Great ideas don’t always yield great results. As a PR professional, it can be easy to become married to what you perceive as great creative ideas. But employers only care about interesting ideas if they are going to improve the company. Research skills prove to your employer that you are strategy-driven and mission-focused. It’s a mistake to think that research is an unnecessary first step.
Understand the value
Jeff Peery, president of the Utah Valley PRSA Chapter, said that research experience has helped him significantly in his public relations career.
“Research is the baseline to know perception, attitudes, and issues.” He continued, “an organization cannot make a change if they are not aware of their current relationship with customers, employees or investors.”
Peery uses research on a regular basis to understand products, services, trends and publics. He said that employers look for employees who think strategically. When an employer finds someone who knows how to use research to back their ideas, that employee becomes a pivotal asset to the company.
How do you find the information that is most pertinent to you? Spending some time understanding research best practices can not only benefit your campaigns but will also help you stand out to employers.
Learn to find relevant information.
Combing through useless information to find the critical information can take time but it is essential to a successful campaign. To help with this process, learn how to identify accurate and unbiased sources. Write down the information you find and use it to understand your key public’s self-interests and outline your campaign strategy.
“Informal or secondary sources such as credible websites, industry publications, or journal studies also make great resources,” said Peery.
Conduct your own research.
If you can’t find what you are looking for online, consider conducting primary research. Surveys, focus groups and in-depth interviews take time and resources but this type of research allows you to customize it to your organization’s needs. Consider outsourcing your project if you have no experience in this area. If you want to take a crack it yourself, consult with research experts to understand the best practices so your objectives are adequately and accurately met.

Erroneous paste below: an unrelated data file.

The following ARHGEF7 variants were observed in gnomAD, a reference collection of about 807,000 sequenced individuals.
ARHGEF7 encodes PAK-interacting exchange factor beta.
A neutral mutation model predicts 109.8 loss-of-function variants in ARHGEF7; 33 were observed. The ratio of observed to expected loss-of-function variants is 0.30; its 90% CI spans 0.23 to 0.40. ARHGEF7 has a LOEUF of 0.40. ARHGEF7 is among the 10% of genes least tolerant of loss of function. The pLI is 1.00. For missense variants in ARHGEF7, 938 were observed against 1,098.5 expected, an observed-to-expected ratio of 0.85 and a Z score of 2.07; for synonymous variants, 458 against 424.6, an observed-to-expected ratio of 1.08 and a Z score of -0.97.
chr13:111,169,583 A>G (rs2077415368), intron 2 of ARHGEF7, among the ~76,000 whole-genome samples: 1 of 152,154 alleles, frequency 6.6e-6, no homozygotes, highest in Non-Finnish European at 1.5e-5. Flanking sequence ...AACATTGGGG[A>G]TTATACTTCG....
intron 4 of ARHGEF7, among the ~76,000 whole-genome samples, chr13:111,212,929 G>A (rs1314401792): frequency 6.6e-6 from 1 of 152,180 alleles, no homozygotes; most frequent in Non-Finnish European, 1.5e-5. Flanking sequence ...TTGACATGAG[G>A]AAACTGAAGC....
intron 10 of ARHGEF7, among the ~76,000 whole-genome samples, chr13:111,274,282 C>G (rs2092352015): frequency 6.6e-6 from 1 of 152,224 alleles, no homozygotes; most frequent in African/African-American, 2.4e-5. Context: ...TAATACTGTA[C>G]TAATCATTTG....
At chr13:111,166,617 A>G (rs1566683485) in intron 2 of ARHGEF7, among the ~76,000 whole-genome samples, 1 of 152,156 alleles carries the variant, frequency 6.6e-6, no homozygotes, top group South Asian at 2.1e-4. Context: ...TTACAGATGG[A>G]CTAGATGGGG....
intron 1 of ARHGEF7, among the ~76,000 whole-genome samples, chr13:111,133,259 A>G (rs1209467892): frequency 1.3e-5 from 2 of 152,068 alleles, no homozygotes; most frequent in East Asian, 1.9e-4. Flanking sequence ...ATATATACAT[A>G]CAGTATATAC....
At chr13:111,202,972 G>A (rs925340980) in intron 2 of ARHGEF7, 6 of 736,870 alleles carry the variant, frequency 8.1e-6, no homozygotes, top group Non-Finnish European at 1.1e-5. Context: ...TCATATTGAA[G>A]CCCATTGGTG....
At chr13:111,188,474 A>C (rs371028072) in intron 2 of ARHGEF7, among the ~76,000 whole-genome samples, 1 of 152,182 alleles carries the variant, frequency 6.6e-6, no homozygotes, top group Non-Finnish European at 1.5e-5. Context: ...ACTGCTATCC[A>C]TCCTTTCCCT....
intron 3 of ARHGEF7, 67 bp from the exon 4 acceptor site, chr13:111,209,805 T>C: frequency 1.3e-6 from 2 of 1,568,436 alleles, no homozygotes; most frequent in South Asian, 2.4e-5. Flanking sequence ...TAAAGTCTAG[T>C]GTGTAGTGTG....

Peery said that being able to interpret research has helped him move forward in his career, “If you cannot conduct formal research, always look for ways to gather information, such as a focus group of customers, email feedback from employees or a phone conversation. These can give you a quick pulse of a situation and help you make adjustments in your communication planning.”
Yes, research can be overwhelming. Don’t let that scare you! Use it to your advantage and you will see a dramatic increase in the quality of your work and your value as an employee.
“Students should learn research basics now so they can become aware of biases in question development or answer gathering,” said Peery. “They also should practice how to listen to feedback, as it is not always just critical comments, but ways to improve or address a situation.”
Parker Strong, BYU’s PRSSA President, said that having research experience helped him get an internship with General Motors in Detroit last summer.
“Over the summer, my internship employer told me that he hired me because I had research experience on my resume,” said Strong. “It is really invaluable to understand how to do that and to show that you have experience with it.”
Research provides inexplicable value to public relations because it provides an opportunity to prepare for industry trends and changes, understand key public values and improve the overall view of the company or client.
Taryn Royall is a senior studying public relations at Brigham Young University. She currently works as an account executive BYU’s digital marketing agency, Y Digital where she conducts research and builds campaigns. She is also currently serving as vice president of digital media in BYU PRSSA.